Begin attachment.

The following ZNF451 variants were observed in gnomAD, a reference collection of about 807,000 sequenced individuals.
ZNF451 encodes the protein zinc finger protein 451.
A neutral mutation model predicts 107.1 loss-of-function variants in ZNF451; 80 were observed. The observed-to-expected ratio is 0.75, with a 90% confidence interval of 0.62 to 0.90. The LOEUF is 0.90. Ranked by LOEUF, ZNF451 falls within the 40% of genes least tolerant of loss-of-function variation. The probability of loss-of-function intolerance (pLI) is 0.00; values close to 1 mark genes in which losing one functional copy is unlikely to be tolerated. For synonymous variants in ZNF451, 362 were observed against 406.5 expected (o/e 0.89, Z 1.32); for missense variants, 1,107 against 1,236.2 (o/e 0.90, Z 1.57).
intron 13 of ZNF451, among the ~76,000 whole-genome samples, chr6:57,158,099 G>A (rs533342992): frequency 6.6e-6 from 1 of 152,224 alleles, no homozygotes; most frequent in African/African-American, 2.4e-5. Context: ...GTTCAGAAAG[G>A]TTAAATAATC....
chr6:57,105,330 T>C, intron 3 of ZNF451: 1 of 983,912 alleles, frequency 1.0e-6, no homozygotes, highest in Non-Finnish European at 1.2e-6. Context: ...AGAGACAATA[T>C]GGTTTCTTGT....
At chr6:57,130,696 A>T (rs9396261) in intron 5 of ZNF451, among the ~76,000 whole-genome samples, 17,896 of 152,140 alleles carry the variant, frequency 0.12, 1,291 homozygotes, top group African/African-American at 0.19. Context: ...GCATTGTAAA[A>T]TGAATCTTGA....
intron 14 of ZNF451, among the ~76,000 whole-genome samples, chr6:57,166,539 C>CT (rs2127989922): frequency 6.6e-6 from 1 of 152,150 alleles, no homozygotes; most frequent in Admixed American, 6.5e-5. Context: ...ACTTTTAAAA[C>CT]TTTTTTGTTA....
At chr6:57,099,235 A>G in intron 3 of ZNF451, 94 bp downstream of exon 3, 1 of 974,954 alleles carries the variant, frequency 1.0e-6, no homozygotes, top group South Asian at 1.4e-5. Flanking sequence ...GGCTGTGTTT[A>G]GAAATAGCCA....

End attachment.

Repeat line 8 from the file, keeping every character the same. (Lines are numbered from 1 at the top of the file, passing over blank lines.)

At chr6:57,099,235 A>G in intron 3 of ZNF451, 94 bp downstream of exon 3, 1 of 974,954 alleles carries the variant, frequency 1.0e-6, no homozygotes, top group South Asian at 1.4e-5. Flanking sequence ...GGCTGTGTTT[A>G]GAAATAGCCA....